Wednesday, June 17, 2015

Films in the Attics: The Orphanage (2007)

Film: The Orphanage
Director:Juan Antonio Bayona
Year: 2007

The Orphanage came out at the height of Spanish horror but despite its impressive reviews and holding a 87% freshness on Rotten tomatoes it seemed to be a film that isn't talked about or given the kind of love that it deserves. It baffles me that many people even so called "film buffs" will not watch a film with sub titles, and how they are missing out on so many great works of cinema. However I would hope my readers are open and willing to watch any kind of film so with that in mind likes jump right into it.

Laura brings her family to childhood home, which just happens to guessed it an orphanage. Along with her husband Carlos she brings her adopted son Simon. Her goal to re open the place and keep a small number of special needs children, her son being one of them. Soon Simon starts playing with his new "friends" that only he can see. The parents of course just believe that its simply their sons over active imagination and its nothing to worry about. Things get odd when a mysterious woman shows up claiming to be a social worker. Laura being a smart woman sees through the thinly veiled lie and tells her to leave. But the lady again appears this time creeping around the property late at night. Simon is seeing more of his "friends" and while at the opening party thrown at the orphanage he disappears. His mother must do everything in her power to get back her son before its to late. It may mean she needs to play "there" games.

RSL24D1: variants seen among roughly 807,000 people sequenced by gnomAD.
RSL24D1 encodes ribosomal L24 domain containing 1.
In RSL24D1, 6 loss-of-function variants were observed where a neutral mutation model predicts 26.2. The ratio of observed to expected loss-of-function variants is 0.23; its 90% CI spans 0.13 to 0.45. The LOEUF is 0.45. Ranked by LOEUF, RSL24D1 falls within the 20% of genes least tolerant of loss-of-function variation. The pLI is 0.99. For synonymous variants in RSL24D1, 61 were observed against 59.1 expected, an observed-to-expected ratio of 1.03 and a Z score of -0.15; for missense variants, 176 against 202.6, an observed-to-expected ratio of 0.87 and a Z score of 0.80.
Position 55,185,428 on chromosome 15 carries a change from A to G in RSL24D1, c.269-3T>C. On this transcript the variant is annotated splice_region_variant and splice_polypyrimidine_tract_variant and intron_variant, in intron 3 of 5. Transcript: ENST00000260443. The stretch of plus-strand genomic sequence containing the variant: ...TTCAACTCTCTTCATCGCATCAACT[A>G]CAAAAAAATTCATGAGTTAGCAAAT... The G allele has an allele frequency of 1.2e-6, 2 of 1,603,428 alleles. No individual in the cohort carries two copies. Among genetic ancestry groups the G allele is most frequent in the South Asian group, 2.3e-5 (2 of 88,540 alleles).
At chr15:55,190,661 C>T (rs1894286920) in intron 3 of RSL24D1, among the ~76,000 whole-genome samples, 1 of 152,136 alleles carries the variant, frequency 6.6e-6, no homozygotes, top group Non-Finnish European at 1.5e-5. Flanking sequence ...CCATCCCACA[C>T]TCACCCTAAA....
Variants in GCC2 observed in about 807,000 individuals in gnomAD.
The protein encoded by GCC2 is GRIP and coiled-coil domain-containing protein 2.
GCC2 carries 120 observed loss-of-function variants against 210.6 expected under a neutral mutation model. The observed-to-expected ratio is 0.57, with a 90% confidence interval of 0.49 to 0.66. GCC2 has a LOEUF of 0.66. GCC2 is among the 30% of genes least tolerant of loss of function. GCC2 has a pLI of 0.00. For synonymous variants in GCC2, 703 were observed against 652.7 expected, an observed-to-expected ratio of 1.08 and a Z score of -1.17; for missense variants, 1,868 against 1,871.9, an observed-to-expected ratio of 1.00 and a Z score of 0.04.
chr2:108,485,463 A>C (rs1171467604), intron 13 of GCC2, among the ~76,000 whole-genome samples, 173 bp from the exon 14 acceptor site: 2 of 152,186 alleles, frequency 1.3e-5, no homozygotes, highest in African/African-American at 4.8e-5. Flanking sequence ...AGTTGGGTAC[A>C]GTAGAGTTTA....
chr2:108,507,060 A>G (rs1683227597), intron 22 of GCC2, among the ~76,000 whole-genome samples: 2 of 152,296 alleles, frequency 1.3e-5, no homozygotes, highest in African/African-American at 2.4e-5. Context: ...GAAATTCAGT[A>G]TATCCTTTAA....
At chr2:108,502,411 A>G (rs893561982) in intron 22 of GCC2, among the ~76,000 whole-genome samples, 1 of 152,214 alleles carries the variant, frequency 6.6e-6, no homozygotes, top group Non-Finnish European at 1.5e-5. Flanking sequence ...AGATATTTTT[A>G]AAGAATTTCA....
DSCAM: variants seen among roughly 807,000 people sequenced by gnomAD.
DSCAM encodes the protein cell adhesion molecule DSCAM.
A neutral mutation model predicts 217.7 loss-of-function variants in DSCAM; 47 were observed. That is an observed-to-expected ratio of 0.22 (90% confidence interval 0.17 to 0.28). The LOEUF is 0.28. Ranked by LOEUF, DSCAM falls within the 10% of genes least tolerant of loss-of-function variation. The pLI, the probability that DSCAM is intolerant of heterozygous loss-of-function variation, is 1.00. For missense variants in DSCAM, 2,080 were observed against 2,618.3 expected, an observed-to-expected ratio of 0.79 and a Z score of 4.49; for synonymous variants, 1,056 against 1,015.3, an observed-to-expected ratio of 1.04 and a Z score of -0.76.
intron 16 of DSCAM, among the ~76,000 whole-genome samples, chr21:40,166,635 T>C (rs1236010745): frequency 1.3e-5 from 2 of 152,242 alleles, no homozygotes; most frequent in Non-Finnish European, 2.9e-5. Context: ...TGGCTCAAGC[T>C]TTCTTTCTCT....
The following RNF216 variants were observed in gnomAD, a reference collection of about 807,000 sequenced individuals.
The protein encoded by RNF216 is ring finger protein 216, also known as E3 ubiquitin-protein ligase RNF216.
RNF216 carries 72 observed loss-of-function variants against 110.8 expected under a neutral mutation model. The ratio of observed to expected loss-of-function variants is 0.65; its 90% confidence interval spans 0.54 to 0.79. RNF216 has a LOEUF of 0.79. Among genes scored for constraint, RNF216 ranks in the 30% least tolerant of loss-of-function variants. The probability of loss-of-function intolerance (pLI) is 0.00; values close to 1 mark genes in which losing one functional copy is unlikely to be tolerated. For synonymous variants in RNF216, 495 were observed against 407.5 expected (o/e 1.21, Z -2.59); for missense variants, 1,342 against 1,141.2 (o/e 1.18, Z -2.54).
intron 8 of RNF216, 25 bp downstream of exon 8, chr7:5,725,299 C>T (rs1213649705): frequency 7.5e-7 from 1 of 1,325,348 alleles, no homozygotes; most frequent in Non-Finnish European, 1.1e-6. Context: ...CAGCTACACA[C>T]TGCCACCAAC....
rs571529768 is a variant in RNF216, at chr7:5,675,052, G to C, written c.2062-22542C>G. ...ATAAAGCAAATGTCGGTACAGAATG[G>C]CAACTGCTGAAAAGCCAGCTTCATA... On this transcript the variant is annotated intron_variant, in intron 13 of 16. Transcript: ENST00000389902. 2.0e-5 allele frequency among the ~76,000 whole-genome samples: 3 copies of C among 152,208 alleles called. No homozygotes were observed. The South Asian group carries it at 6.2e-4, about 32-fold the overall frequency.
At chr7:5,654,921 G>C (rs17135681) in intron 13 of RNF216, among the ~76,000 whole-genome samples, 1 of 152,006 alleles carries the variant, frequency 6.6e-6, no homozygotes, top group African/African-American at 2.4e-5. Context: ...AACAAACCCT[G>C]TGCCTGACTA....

Let me say first off i`m a huge fan of Spanish horror and J.A Bayona's film is simply amazing. It doesn't substitute story telling for blood and guts. Rather its about real people and real problems that get tangled in a web of the supernatural. It also manages to not only be genuinely scary but intriguing and touching. From the first frame to the twist ending its hard not to get totally sucked into the story. Bayona wisely uses the less is more approach and leaves a lot in shadows, allowing us the viewer use dare a say "our imagination" which is a concept which may be hard for some to grasp. I heard a remake is in the works and I highly doubt that this same method will be used, because lets face it Hollywood loves to dumb down its films for mass consumption.

Screenwriter Sergio G Sanchez weaves a tale that is very human and slowly lets the supernatural elements creep into the story. It also has a great mystery aspect which leaves the audience guessing at every strange twist and turn. In my description I left everything very vague because I didn't want to spoil anything. My one minor complaint is how the Father is written. He is never really allowed to show any emotional range unlike his wife. I`m sure he cares but it would have been better had they shown it.

The film is also wonderfully shot. Oscar Faura whose work includes the Oscar winning film "The Imitation Game" and the critically acclaimed "The Machinist" His camera work and angles are well crafted and really give the film a dark and poetic feeling. Even the way he photographs the orphanage is just masterful.

A strong cast of seasoned actors really helps sell this film. Belen Rueda whose credits include numerous films and tv really shines as the mother. I`m sure its not an easy role to really put yourself through the emotional aspects but she really pulls it off beautifully. However its new comer Roger Princep that steals the film, showing a lot of talent at such a young age.

Blood wise there is very little. If your looking for a graphic film, this is not for you- however there is a scene that gives even a jaded horror fan such as myself the chills in the gruesome department. Its also a moment that will make you jump.

I cant say enough great things about this film. It is equal parts scary touching and will leave you thinking about it days after viewing. A standard blu verison is fairly easy to find and cheap to. You seriously will enjoy this ghostly thriller.

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